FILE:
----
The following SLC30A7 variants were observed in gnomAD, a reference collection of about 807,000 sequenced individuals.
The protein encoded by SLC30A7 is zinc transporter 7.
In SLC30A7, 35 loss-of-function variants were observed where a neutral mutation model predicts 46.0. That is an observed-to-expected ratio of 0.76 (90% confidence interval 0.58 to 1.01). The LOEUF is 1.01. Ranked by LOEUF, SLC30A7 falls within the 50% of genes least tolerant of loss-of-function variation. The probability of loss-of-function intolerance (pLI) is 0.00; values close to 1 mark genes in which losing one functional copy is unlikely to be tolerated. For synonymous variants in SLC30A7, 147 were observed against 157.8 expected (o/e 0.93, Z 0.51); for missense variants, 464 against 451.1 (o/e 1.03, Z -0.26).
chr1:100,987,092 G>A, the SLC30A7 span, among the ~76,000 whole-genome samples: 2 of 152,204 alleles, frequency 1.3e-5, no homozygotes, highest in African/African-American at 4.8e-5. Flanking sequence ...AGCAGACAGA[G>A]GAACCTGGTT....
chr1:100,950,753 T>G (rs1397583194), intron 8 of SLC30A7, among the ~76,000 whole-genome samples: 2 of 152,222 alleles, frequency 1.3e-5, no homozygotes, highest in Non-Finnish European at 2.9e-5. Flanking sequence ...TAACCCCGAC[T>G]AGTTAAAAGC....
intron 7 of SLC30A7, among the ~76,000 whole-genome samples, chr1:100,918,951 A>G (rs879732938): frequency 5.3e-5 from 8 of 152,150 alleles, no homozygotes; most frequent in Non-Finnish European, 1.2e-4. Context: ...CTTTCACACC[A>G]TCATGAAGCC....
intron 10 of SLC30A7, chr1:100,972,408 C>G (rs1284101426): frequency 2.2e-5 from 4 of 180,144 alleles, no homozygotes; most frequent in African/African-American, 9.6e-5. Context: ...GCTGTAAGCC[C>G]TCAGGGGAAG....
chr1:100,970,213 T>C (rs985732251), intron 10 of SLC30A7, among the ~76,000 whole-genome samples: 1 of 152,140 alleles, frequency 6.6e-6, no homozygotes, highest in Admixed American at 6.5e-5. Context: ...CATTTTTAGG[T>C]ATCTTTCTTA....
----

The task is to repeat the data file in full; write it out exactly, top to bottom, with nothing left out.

The following SLC30A7 variants were observed in gnomAD, a reference collection of about 807,000 sequenced individuals.
The protein encoded by SLC30A7 is zinc transporter 7.
In SLC30A7, 35 loss-of-function variants were observed where a neutral mutation model predicts 46.0. That is an observed-to-expected ratio of 0.76 (90% confidence interval 0.58 to 1.01). The LOEUF is 1.01. Ranked by LOEUF, SLC30A7 falls within the 50% of genes least tolerant of loss-of-function variation. The probability of loss-of-function intolerance (pLI) is 0.00; values close to 1 mark genes in which losing one functional copy is unlikely to be tolerated. For synonymous variants in SLC30A7, 147 were observed against 157.8 expected (o/e 0.93, Z 0.51); for missense variants, 464 against 451.1 (o/e 1.03, Z -0.26).
chr1:100,987,092 G>A, the SLC30A7 span, among the ~76,000 whole-genome samples: 2 of 152,204 alleles, frequency 1.3e-5, no homozygotes, highest in African/African-American at 4.8e-5. Flanking sequence ...AGCAGACAGA[G>A]GAACCTGGTT....
chr1:100,950,753 T>G (rs1397583194), intron 8 of SLC30A7, among the ~76,000 whole-genome samples: 2 of 152,222 alleles, frequency 1.3e-5, no homozygotes, highest in Non-Finnish European at 2.9e-5. Flanking sequence ...TAACCCCGAC[T>G]AGTTAAAAGC....
intron 7 of SLC30A7, among the ~76,000 whole-genome samples, chr1:100,918,951 A>G (rs879732938): frequency 5.3e-5 from 8 of 152,150 alleles, no homozygotes; most frequent in Non-Finnish European, 1.2e-4. Context: ...CTTTCACACC[A>G]TCATGAAGCC....
intron 10 of SLC30A7, chr1:100,972,408 C>G (rs1284101426): frequency 2.2e-5 from 4 of 180,144 alleles, no homozygotes; most frequent in African/African-American, 9.6e-5. Context: ...GCTGTAAGCC[C>G]TCAGGGGAAG....
chr1:100,970,213 T>C (rs985732251), intron 10 of SLC30A7, among the ~76,000 whole-genome samples: 1 of 152,140 alleles, frequency 6.6e-6, no homozygotes, highest in Admixed American at 6.5e-5. Context: ...CATTTTTAGG[T>C]ATCTTTCTTA....